Associate Arts Editor
In Japan, the average premium is $280 per month. Co-payments cost 30% of the procedure. This co-pay covers surgeries, dental and mental health services. According to Japanese law, all citizens are obligated to have health insurance. They can obtain insurance through their employers, a community based plan, or purchase it from nonprofit organizations. When co-payments increase, people visit the doctor less, but this is just a short-term effect. If patients can not afford the payments, there is public aid made available to them from the government.
Japan has been known for having the best health statistics. Many experts believe that their lifestyle and the type of diet many Japanese follow play a role in this. Having access to any physician or specialist in their country plays a large role in their longevity as well. Since 80% of hospitals are private, the Ministry of Health in Japan helps negotiate with physicians to keep costs down.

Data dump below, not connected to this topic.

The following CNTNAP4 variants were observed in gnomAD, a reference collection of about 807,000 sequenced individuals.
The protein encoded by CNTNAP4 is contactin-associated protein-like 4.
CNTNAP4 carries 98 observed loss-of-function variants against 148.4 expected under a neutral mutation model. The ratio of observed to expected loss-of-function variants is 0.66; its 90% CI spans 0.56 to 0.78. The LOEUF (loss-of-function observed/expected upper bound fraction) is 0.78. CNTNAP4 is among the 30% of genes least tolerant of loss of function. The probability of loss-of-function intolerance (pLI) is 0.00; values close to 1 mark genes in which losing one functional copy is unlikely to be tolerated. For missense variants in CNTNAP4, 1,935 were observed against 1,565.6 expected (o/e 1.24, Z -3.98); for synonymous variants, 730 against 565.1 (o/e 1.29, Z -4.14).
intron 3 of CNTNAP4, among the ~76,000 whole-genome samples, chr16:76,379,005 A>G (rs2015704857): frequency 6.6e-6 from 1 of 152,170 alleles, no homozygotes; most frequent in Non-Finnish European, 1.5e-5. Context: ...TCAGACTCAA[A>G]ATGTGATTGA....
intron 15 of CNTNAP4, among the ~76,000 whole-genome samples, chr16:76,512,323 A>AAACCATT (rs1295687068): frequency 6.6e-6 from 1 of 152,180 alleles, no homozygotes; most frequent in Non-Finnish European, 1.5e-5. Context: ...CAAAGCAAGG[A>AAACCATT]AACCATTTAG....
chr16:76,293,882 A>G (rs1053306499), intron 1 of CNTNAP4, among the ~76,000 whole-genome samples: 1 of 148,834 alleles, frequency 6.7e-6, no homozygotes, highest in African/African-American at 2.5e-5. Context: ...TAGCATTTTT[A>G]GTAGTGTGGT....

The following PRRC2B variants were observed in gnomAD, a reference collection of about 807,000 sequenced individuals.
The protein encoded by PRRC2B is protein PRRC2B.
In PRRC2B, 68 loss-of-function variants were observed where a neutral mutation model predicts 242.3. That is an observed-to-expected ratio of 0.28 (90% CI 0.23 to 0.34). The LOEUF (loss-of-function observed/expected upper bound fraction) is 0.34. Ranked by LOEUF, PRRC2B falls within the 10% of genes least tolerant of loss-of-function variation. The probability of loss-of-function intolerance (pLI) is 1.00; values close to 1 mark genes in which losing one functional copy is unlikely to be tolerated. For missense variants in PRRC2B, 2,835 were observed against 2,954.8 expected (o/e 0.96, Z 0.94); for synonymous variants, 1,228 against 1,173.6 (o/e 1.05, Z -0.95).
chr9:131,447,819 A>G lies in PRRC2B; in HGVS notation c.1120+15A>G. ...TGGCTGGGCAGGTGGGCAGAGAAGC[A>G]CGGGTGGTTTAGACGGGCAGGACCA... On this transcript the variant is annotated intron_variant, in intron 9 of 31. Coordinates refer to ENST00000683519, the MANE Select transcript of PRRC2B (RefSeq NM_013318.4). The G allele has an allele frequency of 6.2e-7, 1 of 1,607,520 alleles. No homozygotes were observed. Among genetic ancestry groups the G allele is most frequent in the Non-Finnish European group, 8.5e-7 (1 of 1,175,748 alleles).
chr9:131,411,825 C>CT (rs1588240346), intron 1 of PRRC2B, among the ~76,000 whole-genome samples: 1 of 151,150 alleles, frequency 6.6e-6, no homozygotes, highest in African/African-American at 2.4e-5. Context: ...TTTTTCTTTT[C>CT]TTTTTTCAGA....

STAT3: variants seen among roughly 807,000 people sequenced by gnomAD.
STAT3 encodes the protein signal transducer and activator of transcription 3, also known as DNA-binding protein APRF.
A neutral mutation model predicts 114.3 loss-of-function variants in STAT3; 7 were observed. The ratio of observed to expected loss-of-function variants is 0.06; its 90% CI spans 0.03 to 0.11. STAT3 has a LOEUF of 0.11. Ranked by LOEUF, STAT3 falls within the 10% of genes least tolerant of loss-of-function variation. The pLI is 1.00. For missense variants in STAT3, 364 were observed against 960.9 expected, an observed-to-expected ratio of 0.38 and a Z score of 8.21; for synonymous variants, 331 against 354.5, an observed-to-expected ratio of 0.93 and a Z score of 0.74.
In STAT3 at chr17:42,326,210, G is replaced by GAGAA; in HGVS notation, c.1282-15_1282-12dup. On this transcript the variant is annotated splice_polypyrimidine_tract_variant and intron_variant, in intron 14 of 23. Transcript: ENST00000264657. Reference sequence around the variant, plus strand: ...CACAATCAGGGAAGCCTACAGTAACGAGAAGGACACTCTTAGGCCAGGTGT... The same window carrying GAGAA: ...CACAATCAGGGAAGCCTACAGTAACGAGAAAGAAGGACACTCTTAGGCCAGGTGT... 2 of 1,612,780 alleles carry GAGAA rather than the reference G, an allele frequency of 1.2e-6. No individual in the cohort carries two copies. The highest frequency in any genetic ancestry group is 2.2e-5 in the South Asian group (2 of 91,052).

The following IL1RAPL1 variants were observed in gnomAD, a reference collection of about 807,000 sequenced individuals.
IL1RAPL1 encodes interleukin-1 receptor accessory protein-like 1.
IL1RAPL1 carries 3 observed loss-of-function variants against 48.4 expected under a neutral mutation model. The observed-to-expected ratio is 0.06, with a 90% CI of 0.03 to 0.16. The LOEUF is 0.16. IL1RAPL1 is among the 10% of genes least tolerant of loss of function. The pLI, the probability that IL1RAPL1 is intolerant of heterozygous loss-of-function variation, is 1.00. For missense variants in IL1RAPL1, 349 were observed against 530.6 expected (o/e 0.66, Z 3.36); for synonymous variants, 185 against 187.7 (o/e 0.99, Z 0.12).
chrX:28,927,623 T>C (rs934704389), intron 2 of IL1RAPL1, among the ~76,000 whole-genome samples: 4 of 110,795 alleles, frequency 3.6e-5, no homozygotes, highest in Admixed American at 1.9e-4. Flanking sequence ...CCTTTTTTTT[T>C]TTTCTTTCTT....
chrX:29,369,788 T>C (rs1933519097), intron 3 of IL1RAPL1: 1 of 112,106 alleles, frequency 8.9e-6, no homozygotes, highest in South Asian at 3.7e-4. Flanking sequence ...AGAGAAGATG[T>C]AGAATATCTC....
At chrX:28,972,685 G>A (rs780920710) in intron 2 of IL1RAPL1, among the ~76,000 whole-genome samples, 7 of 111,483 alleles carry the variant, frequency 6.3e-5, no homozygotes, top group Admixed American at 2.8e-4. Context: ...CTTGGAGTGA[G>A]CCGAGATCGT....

However many physicians are concerned that Japan spends too little on healthcare. In order to have the latest equipment and medicine, more money is needed.
Insurance companies are not permitted to make a profit on basic health services. They are also barred from discriminating against patients with chronic illnesses. These insurance companies make their money on the services provided. In terms of the cost of medication, the government sets the prices.
However many worry that the Swiss healthcare system is too expensive. Their medication prices are higher than other countries across Europe. To balance costs, the Swiss government provides their citizens with discounts.
Why doesn’t the U.S. have a universal health care system? Japan and Switzerland are both capitalistic nations with universal health care systems, so what is keeping the U.S. from having one as well? Many health experts believe that the U.S. spends too much on our health care system and its citizens do not enjoy some of the same benefits Japanese and Swiss citizens do.